Swing states explained: What they are and why they matter


On Election Day, there are some states Hillary Clinton and Donald Trump will be watching more closely than others. These swing -- or battleground -- states are where the race is expected to be closest, and it’s usually unclear which party will win before the final votes are counted.

Why are swing states important to candidates?

In every state, except Maine and Nebraska, the Electoral College awards electors on a winner-take-all basis, so even if a candidate wins by a small percentage, the reward of electoral votes makes a big difference. Candidates will often spend more time and money in these states, instead of states they expect to win or lose.

How are swing states determined?

Gregory Wawro, a political science professor at Columbia University, explained that swing states are predicted at the beginning of the election cycle based on their political history and how many electoral votes they have.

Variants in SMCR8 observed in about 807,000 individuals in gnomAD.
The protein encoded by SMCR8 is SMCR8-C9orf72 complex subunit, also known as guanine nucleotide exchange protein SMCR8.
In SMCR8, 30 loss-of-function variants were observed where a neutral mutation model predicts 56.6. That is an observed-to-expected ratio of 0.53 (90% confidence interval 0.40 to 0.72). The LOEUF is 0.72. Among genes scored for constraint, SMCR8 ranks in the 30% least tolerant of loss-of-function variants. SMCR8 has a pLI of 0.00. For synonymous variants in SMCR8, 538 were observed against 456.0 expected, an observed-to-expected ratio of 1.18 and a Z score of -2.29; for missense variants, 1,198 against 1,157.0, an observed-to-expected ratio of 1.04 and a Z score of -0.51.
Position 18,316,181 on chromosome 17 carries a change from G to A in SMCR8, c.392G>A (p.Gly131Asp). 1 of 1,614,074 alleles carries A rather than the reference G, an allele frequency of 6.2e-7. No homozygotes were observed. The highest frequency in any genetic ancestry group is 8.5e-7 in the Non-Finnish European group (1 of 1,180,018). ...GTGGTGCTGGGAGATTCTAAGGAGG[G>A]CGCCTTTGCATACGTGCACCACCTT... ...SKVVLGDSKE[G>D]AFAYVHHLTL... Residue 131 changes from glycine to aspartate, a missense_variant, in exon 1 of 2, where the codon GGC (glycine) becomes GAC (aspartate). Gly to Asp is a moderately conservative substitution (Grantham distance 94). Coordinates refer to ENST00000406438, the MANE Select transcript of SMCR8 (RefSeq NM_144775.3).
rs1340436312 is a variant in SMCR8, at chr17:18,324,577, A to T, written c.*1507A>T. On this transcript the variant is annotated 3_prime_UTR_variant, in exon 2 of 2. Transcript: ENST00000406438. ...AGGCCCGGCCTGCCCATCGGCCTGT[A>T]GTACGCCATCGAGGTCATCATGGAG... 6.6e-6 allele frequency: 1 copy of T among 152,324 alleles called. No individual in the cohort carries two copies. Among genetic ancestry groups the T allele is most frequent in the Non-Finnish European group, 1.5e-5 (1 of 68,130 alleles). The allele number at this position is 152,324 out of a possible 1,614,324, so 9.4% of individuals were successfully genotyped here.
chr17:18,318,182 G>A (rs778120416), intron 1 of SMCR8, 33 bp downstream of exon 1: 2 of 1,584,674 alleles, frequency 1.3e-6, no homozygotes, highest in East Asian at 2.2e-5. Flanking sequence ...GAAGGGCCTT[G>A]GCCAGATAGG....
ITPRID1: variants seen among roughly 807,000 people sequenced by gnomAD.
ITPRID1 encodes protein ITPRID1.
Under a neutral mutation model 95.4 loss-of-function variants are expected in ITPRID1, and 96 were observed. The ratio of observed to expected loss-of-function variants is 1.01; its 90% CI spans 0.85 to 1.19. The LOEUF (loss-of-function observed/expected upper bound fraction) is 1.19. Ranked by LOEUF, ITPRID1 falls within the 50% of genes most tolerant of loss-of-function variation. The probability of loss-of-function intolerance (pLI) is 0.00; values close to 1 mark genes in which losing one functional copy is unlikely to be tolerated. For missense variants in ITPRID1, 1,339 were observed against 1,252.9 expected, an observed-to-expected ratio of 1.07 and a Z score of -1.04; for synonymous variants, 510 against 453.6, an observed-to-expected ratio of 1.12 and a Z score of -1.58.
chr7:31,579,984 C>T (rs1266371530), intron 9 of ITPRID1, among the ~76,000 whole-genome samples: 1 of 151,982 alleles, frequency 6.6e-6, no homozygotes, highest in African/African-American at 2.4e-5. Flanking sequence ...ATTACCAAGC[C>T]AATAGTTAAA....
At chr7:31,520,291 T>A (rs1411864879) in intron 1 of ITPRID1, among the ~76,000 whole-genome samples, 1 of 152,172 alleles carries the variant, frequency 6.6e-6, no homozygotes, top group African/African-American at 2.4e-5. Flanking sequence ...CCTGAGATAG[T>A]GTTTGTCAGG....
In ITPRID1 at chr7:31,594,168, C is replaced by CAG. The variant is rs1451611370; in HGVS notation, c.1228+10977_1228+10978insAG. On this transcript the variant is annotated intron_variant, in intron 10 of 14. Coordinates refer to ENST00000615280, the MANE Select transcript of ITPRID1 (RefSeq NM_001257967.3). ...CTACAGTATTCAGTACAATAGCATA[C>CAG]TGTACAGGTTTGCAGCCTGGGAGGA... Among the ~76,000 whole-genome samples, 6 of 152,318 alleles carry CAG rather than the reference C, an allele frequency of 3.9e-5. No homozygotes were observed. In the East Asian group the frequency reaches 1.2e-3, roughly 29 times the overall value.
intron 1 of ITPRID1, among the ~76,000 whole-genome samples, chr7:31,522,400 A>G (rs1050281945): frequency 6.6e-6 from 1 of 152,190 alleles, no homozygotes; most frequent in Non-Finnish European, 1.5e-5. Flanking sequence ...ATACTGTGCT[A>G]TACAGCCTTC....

If a state has a lot of electoral votes and the two main parties have been competitive in past elections, it’s likely to be a swing state, he said. Examples include Florida (29 electoral votes), Pennsylvania (20 electoral votes) and Ohio (18 electoral votes).

State-level polling also helps determine which states will matter most on election day, but early polling is often unreliable. Wawro said various state-level polling at the end of the summer and beginning of the fall help determine if states are still in play.

Polling, and ultimately the results, in battleground states will generally put the candidates within around five percentage points or less of each other.

If a state votes for the same party in multiple consecutive elections, is it still a swing state?

Even if a state has voted for the same party in recent elections, such as Pennsylvania, which has voted Democrat since the 1992 election, it can still be a swing state in the current election. The Democrats didn’t necessarily have an easy time winning Pennsylvania in recent elections, Wawro said.